I always try too hard to make clever post titles, so I didn’t bother this time. I also have an increasing tendency to write very long, deep posts every month or two rather than writing more frequent posts every few days. It’s frustrating to not write for so long, but it’s also frustrating to write something that seems extraneous or forced. I wrote two very short articles for the Saroma-Palmer Sister City Newsletter yesterday, very quickly because they were already weeks past the date I had promised them by. They read like 5th grade book reports. I’m not ashamed of them, but not as proud of them as I am of the writing on other parts of this blog. I guess in the end, I mainly write for myself, and if I ever choose to become a writer as a profession, I’ll have to learn how to do it for others. For example, last years post about my Papua New Guinea experience was written over several days, with a lot of editing and careful thought, but also with a lot of inspiration. I browsed back to it on my iPhone on the way to Papua New Guinea a few weeks ago and was impressed with what I had written. It took me back to that first experience and made me newly excited for the next. Hopefully I can keep doing that.
George Carté, head of the Sister City Committee in Palmer and former AET, asked me to write a few short articles on recent events in Saroma for the newsletter that he puts out. I obliged him, and while I’ve written better, here they are.
Final Classes at Saroma Elementary
In Japan the school year begins in April and ends in March. Last month the 5th and 6th graders at Saroma Elementary wrapped up the year’s English activities with some fun projects.
The two 5th grade classes spent the last three English classes designing their own countries.
In groups of four, they chose their country name, designed the flag, and thought of the president, currency, economy, geography, food, and laws. They used English as much as possible. It was a very open ended activity, so it took some time to get started, but in the end I was very pleased with the range and depth of student creativity. The imagined countries included Sports Land, Junior Kingdom, and Dog Island (pictured). I’m looking forward to having these students in 6th grade!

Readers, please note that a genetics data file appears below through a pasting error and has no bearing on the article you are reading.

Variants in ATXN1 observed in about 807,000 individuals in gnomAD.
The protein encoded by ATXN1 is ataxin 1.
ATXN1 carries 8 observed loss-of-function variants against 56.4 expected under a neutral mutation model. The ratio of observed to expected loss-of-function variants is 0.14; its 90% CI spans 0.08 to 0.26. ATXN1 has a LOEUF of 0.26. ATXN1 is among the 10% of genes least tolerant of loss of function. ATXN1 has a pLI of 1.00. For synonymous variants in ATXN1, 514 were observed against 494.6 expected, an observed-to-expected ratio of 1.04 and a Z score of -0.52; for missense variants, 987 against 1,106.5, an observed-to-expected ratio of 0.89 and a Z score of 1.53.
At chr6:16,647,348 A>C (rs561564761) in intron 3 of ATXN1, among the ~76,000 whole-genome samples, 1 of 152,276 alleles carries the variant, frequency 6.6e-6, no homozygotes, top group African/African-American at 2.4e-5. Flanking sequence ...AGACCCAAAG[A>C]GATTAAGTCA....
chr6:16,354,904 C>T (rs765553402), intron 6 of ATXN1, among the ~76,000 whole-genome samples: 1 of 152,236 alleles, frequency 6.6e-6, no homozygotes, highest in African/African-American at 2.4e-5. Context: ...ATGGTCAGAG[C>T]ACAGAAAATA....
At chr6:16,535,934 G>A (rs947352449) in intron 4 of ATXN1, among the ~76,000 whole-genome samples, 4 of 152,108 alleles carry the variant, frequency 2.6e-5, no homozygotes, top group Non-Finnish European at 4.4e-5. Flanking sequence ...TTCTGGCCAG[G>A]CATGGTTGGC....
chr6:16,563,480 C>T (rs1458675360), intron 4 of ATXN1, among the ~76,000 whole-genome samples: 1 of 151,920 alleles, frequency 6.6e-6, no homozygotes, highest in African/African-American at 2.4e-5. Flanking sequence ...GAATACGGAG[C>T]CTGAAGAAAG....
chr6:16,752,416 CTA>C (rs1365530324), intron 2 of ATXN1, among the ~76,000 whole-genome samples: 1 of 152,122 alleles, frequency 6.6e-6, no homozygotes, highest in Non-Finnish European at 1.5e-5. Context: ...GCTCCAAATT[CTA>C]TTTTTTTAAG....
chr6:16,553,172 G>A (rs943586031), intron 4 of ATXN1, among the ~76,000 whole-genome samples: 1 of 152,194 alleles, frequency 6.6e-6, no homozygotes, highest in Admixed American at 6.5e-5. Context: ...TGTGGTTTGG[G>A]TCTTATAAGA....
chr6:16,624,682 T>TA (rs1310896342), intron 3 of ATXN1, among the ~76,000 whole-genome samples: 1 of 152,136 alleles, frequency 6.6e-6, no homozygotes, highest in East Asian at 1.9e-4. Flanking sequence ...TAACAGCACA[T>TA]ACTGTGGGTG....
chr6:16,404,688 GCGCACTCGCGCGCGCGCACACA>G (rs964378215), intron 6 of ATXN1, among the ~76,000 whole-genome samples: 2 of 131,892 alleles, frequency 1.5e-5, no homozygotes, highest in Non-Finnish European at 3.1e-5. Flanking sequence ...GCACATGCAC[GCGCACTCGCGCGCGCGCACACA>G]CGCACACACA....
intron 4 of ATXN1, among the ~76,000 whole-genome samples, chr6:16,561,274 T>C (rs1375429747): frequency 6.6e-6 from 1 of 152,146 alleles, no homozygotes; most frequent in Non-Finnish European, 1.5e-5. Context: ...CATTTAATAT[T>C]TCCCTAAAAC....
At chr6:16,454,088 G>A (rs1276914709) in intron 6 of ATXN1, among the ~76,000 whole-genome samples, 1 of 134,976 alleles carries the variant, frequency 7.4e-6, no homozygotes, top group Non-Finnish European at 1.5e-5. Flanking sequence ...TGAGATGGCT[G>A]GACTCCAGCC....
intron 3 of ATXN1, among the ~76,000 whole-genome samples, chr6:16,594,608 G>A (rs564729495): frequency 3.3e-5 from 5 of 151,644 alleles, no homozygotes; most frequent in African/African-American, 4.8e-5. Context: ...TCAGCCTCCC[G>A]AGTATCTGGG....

The 6th grade class spent their last two lessons writing and performing English skits. They used all of the English they’ve learned in elementary school and then some. The skits were performed in groups of about six students, so each student had only one or two lines, but they spoke with confidence, presenting some very funny material. Skit situations included a restaurant, convenience store, police station, and mortuary. Just this week, these students entered Saroma Junior High as 1st graders (7th graders). I hope I can help continue their enthusiasm for English in the coming school year.
Snowstorm in Saroma
Coming to live in Hokkaido after 20+ years living in Palmer, I did not expect to be surprised by the winters here. But the weekend of February 21st exceeded my expectations. I awoke on Saturday morning to three feet of new snow plastered across my front door, and a seven foot high drift wrapping around the back of the house.
My car was similarly covered, although a kind neighbor used his front-end loader to clear me out. I had planned to drive to Abashiri City that Saturday, but a quick check on the Hokkaido road office website showed a “road closed” X on nearly every major highway in the area. So I stayed home and shoveled. In the afternoon, the sun came out. I braved the remaining wind and piled drifts to take a walk down the river levee toward the butter factory and back through town. Everyone in town was outside, clearing off cars, driveways and roofs. Those with snowblowers and loaders were helping out their neighbors, eager to get some use out of their expensive toys. I’m glad the weather intervened that day. Walking around Saroma on that sunny, white afternoon I felt the sense of community in this small town. And I now have nothing to brag about concerning snowy winters.